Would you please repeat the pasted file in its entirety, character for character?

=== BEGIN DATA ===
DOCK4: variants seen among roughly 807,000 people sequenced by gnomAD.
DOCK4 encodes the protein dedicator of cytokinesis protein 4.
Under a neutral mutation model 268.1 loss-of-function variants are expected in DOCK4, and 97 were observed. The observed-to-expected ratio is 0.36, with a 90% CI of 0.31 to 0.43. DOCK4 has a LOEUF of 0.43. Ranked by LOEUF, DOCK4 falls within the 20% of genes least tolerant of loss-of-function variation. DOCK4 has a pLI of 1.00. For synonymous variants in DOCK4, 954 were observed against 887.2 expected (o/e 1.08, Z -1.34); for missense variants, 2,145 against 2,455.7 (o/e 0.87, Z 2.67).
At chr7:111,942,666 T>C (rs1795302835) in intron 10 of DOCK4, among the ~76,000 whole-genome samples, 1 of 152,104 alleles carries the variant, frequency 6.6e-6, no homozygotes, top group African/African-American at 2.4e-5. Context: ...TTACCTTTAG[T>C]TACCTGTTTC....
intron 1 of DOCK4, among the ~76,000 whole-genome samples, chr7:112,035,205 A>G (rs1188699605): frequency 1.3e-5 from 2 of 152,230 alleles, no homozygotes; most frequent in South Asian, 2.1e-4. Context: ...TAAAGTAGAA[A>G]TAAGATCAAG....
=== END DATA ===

DOCK4: variants seen among roughly 807,000 people sequenced by gnomAD.
DOCK4 encodes the protein dedicator of cytokinesis protein 4.
Under a neutral mutation model 268.1 loss-of-function variants are expected in DOCK4, and 97 were observed. The observed-to-expected ratio is 0.36, with a 90% CI of 0.31 to 0.43. DOCK4 has a LOEUF of 0.43. Ranked by LOEUF, DOCK4 falls within the 20% of genes least tolerant of loss-of-function variation. DOCK4 has a pLI of 1.00. For synonymous variants in DOCK4, 954 were observed against 887.2 expected (o/e 1.08, Z -1.34); for missense variants, 2,145 against 2,455.7 (o/e 0.87, Z 2.67).
At chr7:111,942,666 T>C (rs1795302835) in intron 10 of DOCK4, among the ~76,000 whole-genome samples, 1 of 152,104 alleles carries the variant, frequency 6.6e-6, no homozygotes, top group African/African-American at 2.4e-5. Context: ...TTACCTTTAG[T>C]TACCTGTTTC....
intron 1 of DOCK4, among the ~76,000 whole-genome samples, chr7:112,035,205 A>G (rs1188699605): frequency 1.3e-5 from 2 of 152,230 alleles, no homozygotes; most frequent in South Asian, 2.1e-4. Context: ...TAAAGTAGAA[A>G]TAAGATCAAG....